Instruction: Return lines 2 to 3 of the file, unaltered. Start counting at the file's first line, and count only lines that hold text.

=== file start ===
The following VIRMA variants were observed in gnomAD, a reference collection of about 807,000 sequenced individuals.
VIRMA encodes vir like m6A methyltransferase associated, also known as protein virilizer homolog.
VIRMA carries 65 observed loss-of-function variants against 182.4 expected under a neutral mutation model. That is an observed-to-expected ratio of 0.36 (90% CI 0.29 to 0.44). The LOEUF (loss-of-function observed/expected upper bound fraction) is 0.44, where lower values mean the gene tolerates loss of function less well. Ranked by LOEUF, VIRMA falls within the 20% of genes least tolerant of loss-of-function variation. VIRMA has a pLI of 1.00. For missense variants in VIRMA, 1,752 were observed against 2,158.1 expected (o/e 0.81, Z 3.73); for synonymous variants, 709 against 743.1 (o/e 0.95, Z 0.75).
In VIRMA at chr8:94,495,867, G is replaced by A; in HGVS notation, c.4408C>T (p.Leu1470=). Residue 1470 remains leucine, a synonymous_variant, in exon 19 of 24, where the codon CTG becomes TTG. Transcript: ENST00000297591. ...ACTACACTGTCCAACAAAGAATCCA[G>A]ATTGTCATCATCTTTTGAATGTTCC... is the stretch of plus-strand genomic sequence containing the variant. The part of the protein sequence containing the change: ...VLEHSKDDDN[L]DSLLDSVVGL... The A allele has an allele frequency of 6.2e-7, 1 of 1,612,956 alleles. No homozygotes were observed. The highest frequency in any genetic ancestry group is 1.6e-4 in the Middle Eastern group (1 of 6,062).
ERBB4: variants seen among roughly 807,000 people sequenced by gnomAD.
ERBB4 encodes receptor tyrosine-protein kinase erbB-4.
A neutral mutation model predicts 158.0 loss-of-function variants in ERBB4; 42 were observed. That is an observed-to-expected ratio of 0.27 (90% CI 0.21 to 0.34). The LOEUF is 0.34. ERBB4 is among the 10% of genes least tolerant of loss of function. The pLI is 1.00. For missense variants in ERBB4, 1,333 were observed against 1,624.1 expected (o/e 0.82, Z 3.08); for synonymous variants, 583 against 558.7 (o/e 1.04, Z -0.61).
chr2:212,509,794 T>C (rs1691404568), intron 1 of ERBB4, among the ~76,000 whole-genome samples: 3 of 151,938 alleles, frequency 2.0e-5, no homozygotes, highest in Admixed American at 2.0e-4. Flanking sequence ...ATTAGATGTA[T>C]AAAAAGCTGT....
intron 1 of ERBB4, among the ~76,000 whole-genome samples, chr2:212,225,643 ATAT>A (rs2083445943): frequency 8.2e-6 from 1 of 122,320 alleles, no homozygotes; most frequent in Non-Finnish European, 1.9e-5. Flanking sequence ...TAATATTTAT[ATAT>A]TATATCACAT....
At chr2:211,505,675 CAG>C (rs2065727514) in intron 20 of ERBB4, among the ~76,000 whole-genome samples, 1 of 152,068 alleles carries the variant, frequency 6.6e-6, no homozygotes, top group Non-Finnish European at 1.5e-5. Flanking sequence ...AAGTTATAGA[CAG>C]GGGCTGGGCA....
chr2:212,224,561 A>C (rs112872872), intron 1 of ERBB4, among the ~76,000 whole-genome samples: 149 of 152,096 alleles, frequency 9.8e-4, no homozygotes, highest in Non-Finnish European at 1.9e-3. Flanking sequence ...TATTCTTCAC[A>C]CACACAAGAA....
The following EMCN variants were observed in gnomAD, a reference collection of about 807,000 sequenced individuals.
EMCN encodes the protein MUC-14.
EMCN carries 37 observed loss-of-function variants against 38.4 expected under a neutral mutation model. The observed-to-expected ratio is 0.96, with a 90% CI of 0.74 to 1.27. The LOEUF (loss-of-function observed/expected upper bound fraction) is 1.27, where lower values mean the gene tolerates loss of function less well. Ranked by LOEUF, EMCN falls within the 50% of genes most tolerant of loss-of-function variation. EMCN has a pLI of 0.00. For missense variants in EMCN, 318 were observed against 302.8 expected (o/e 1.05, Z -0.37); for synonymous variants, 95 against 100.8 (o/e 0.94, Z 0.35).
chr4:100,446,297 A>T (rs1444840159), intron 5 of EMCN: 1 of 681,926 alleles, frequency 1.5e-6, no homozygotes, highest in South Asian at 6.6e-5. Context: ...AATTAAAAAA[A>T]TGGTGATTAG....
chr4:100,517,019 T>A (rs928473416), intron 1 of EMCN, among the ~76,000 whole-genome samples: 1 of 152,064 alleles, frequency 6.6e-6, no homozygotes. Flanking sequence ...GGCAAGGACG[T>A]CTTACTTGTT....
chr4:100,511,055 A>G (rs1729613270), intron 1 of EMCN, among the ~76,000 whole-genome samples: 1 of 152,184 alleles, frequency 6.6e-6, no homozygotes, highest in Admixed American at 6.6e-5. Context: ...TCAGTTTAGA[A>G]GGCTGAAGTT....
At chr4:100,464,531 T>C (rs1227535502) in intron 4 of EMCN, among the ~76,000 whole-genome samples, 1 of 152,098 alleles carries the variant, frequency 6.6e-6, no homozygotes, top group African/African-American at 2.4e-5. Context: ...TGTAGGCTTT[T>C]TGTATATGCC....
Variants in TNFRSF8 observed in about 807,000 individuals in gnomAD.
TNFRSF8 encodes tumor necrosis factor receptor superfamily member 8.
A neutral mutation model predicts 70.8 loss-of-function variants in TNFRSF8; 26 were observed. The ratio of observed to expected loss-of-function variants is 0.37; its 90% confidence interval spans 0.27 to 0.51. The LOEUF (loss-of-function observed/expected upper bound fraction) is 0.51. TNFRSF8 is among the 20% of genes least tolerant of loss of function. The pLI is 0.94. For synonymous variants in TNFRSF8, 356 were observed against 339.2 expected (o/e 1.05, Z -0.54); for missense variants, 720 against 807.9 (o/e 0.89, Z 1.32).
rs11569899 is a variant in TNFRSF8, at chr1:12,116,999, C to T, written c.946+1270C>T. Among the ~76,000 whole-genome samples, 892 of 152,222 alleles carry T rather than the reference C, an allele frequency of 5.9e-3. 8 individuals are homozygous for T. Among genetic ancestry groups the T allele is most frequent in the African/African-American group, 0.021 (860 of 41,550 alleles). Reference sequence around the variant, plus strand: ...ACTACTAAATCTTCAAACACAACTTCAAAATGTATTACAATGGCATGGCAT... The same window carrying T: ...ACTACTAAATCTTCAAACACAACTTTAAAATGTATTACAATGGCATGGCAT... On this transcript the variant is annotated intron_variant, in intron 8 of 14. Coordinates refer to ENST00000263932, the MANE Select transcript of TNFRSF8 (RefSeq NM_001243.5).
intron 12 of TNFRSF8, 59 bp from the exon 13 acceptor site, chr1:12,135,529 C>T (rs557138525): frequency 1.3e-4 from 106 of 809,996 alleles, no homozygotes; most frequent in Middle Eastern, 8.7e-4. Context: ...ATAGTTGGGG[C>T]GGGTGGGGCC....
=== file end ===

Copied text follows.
VIRMA encodes vir like m6A methyltransferase associated, also known as protein virilizer homolog.
VIRMA carries 65 observed loss-of-function variants against 182.4 expected under a neutral mutation model. That is an observed-to-expected ratio of 0.36 (90% CI 0.29 to 0.44). The LOEUF (loss-of-function observed/expected upper bound fraction) is 0.44, where lower values mean the gene tolerates loss of function less well. Ranked by LOEUF, VIRMA falls within the 20% of genes least tolerant of loss-of-function variation. VIRMA has a pLI of 1.00. For missense variants in VIRMA, 1,752 were observed against 2,158.1 expected (o/e 0.81, Z 3.73); for synonymous variants, 709 against 743.1 (o/e 0.95, Z 0.75).